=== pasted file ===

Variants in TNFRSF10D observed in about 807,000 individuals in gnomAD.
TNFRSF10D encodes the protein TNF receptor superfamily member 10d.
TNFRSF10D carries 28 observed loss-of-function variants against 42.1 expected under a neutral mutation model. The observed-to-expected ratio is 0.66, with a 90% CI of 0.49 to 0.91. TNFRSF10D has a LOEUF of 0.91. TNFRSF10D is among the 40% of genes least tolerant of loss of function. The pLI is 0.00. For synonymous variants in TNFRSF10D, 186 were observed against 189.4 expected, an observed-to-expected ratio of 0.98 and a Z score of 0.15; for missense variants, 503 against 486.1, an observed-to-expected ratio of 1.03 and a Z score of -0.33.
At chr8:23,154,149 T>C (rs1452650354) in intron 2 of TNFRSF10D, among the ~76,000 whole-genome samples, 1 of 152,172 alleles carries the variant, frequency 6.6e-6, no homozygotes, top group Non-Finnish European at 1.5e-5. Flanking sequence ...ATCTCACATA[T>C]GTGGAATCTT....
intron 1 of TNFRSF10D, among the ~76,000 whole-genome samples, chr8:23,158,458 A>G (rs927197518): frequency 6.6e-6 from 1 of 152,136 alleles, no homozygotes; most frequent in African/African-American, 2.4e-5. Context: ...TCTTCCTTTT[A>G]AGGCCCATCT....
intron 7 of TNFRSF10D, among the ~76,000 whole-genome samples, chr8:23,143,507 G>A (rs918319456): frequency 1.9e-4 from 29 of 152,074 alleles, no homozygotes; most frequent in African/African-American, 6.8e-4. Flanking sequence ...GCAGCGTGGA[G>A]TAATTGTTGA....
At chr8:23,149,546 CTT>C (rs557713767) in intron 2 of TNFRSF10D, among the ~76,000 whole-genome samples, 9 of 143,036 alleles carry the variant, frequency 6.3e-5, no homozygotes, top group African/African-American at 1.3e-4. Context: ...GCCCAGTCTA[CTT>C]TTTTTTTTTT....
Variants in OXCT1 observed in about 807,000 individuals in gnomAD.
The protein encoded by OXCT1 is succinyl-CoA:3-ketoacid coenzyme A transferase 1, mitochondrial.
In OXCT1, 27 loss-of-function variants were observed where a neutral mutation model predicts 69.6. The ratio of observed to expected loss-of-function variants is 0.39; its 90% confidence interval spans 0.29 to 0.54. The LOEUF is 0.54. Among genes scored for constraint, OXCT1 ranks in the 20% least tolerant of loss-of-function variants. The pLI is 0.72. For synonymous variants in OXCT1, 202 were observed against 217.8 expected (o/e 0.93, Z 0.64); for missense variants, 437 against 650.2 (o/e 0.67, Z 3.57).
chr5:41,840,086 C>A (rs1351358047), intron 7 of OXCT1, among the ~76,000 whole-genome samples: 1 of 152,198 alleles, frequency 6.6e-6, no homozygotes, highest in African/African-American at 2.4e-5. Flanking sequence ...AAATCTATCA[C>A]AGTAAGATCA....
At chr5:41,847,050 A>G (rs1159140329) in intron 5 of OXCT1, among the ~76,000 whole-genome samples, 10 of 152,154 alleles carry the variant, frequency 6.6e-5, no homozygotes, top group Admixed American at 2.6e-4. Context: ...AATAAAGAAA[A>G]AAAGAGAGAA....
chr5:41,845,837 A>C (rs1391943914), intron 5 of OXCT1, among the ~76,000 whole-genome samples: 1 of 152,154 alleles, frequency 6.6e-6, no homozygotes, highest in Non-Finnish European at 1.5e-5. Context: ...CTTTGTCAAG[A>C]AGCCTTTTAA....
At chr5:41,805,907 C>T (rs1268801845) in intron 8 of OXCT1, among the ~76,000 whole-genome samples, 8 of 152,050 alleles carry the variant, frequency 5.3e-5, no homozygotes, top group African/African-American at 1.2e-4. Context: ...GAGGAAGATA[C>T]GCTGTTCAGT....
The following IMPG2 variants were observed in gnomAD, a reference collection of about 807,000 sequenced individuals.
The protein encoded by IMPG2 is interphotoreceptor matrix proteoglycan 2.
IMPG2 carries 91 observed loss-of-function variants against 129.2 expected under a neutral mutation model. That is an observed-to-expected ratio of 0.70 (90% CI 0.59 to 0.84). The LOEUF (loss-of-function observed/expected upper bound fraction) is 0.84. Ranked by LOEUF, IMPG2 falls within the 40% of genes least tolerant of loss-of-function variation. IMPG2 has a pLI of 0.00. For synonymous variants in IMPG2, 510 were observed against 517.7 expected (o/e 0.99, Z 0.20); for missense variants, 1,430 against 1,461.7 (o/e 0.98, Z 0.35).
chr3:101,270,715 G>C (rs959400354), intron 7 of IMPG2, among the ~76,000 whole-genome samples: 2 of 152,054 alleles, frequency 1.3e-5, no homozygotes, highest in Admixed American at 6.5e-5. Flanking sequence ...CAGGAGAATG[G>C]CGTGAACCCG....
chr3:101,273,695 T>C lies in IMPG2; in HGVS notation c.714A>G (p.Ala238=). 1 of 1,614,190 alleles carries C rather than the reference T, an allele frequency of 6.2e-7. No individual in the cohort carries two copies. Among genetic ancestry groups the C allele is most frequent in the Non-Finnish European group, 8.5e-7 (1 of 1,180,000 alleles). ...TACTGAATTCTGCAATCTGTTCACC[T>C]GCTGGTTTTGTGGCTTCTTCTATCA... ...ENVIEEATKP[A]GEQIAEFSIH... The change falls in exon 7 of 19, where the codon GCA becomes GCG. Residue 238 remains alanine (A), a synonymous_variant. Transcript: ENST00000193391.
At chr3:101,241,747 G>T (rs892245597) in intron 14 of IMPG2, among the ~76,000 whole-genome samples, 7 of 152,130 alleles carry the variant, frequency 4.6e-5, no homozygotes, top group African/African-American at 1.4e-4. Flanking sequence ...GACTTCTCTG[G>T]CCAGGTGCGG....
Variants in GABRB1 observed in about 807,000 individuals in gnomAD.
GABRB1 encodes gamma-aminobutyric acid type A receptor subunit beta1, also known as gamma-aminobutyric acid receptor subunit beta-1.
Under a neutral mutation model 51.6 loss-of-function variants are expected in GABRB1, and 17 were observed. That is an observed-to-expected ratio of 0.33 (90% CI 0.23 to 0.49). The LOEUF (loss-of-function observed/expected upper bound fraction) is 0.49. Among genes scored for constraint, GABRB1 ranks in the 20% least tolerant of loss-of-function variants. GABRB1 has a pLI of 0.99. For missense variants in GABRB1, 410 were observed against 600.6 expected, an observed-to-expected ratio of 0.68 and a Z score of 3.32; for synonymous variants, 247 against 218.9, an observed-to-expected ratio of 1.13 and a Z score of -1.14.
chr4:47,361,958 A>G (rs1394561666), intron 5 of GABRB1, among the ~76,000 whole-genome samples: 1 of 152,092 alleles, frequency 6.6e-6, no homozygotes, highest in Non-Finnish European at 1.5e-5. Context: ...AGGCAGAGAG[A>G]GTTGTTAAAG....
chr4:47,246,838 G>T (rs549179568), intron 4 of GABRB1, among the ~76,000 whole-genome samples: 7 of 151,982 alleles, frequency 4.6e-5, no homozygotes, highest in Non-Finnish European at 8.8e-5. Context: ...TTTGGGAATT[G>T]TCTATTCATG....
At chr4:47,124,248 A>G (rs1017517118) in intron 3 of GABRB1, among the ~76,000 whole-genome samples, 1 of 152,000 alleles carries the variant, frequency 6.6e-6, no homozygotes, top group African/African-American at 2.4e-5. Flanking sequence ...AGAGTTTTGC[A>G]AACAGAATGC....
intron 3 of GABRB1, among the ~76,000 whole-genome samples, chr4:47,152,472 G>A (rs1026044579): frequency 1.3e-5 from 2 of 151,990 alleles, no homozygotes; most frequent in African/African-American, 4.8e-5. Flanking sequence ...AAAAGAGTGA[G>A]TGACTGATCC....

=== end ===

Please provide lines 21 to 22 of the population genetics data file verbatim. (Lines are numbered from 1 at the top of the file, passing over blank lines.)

Variants in GABRB1 observed in about 807,000 individuals in gnomAD.
GABRB1 encodes gamma-aminobutyric acid type A receptor subunit beta1, also known as gamma-aminobutyric acid receptor subunit beta-1.